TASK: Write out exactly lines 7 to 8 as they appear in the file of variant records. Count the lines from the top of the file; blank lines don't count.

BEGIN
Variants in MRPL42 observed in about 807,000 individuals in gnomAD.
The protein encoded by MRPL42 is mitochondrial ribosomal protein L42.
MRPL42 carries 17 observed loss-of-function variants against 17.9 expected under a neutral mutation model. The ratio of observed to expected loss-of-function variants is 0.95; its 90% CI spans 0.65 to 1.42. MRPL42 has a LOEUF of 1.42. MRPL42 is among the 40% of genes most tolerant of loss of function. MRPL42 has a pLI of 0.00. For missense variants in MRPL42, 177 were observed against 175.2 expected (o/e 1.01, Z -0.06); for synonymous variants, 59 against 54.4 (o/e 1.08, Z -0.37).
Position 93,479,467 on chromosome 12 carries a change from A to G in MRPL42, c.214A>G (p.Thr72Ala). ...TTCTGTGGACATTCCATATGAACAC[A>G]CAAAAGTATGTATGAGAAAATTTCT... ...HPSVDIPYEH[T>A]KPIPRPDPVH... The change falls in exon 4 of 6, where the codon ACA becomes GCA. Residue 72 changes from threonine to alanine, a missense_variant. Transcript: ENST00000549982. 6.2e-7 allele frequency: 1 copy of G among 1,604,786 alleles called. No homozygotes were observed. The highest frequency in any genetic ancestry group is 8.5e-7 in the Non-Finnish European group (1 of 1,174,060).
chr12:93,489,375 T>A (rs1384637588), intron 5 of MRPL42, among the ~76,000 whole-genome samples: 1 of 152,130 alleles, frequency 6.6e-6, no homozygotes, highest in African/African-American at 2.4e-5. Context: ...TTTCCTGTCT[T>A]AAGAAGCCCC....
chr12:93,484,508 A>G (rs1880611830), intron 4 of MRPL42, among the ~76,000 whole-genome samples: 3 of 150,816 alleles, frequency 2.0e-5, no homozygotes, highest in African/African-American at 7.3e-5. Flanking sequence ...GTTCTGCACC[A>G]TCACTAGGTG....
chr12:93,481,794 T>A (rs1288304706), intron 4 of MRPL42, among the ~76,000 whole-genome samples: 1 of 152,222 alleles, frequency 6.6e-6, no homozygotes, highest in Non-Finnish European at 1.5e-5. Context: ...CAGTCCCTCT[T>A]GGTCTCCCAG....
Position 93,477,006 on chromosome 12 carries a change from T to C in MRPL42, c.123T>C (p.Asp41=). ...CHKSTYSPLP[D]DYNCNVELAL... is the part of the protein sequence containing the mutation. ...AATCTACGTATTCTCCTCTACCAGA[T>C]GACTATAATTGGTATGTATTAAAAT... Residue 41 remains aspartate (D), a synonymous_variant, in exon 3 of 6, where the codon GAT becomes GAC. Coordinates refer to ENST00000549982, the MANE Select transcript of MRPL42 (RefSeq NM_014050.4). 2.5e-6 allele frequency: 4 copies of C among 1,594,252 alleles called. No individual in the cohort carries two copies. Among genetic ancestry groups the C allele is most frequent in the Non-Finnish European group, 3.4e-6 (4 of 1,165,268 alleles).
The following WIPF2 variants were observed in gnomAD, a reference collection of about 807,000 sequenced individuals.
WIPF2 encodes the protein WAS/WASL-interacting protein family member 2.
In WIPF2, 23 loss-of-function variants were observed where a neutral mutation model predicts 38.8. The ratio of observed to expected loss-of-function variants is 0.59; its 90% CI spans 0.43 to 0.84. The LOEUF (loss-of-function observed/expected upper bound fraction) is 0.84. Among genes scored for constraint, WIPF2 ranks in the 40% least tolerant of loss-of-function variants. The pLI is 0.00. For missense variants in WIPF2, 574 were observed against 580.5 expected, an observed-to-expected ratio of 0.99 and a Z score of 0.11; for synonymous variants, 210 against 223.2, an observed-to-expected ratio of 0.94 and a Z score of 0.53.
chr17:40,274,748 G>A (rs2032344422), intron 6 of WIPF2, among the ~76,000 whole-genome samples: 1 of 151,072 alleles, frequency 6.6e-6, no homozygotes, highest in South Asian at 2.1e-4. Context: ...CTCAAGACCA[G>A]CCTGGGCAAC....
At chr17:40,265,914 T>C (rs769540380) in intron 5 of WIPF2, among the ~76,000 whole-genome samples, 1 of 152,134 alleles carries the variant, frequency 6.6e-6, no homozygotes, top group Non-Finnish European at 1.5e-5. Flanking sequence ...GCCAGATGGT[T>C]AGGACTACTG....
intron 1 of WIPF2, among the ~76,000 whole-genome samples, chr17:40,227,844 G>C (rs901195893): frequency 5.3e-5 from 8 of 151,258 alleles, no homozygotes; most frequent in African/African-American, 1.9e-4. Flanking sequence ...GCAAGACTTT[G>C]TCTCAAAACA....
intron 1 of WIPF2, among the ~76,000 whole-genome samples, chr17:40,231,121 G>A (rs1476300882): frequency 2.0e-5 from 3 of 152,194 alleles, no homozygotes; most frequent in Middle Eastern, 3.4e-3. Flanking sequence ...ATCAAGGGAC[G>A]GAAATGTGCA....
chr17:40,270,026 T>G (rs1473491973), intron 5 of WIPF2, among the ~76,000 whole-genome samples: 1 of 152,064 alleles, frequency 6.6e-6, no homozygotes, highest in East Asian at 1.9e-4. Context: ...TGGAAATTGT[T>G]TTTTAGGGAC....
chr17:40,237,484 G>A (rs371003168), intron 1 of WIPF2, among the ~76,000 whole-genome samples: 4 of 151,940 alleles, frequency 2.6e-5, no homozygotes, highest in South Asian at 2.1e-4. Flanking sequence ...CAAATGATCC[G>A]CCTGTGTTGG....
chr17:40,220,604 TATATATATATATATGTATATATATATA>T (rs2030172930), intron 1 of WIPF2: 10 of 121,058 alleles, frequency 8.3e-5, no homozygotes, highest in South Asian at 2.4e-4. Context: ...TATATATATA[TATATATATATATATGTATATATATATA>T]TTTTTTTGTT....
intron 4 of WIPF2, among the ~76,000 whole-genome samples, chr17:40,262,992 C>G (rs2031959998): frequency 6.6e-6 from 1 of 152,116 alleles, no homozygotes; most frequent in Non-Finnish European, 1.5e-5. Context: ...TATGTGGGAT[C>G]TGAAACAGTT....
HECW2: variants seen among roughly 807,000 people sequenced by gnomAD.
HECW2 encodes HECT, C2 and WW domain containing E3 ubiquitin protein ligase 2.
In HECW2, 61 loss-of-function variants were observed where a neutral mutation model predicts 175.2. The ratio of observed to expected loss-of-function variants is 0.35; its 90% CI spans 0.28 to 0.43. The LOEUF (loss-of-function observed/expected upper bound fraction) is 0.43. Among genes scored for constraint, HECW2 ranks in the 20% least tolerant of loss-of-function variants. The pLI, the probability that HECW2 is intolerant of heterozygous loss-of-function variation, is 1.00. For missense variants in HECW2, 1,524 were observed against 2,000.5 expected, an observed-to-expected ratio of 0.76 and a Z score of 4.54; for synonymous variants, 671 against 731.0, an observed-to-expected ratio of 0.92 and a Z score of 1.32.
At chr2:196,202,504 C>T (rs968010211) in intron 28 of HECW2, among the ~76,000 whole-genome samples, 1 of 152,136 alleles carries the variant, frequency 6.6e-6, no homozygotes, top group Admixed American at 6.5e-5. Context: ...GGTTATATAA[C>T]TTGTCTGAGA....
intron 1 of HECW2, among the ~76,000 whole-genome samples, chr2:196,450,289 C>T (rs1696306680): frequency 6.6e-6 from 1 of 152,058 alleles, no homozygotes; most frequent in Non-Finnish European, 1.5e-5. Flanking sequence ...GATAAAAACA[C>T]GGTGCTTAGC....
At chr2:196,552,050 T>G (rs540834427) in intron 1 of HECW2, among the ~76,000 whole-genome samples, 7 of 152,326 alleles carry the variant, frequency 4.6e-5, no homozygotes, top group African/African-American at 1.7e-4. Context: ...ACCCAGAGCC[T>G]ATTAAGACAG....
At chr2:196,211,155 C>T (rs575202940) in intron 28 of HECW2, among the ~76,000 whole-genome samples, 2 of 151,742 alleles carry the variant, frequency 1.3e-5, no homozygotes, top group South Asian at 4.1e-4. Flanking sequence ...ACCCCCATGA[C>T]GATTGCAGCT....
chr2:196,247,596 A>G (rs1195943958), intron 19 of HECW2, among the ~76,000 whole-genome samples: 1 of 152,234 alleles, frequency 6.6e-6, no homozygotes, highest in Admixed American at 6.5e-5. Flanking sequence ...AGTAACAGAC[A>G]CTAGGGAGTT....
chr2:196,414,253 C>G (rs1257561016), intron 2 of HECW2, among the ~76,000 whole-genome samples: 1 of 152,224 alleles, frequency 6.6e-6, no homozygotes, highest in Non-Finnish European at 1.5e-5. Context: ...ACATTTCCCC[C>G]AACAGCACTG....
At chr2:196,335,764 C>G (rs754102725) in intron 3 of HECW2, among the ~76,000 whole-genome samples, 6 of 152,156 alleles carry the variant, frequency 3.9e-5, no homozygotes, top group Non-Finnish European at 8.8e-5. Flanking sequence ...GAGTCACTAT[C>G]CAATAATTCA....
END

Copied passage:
chr12:93,481,794 T>A (rs1288304706), intron 4 of MRPL42, among the ~76,000 whole-genome samples: 1 of 152,222 alleles, frequency 6.6e-6, no homozygotes, highest in Non-Finnish European at 1.5e-5. Context: ...CAGTCCCTCT[T>A]GGTCTCCCAG....
Position 93,477,006 on chromosome 12 carries a change from T to C in MRPL42, c.123T>C (p.Asp41=). ...CHKSTYSPLP[D]DYNCNVELAL... is the part of the protein sequence containing the mutation. ...AATCTACGTATTCTCCTCTACCAGA[T>C]GACTATAATTGGTATGTATTAAAAT... Residue 41 remains aspartate (D), a synonymous_variant, in exon 3 of 6, where the codon GAT becomes GAC. Coordinates refer to ENST00000549982, the MANE Select transcript of MRPL42 (RefSeq NM_014050.4). 2.5e-6 allele frequency: 4 copies of C among 1,594,252 alleles called. No individual in the cohort carries two copies. Among genetic ancestry groups the C allele is most frequent in the Non-Finnish European group, 3.4e-6 (4 of 1,165,268 alleles).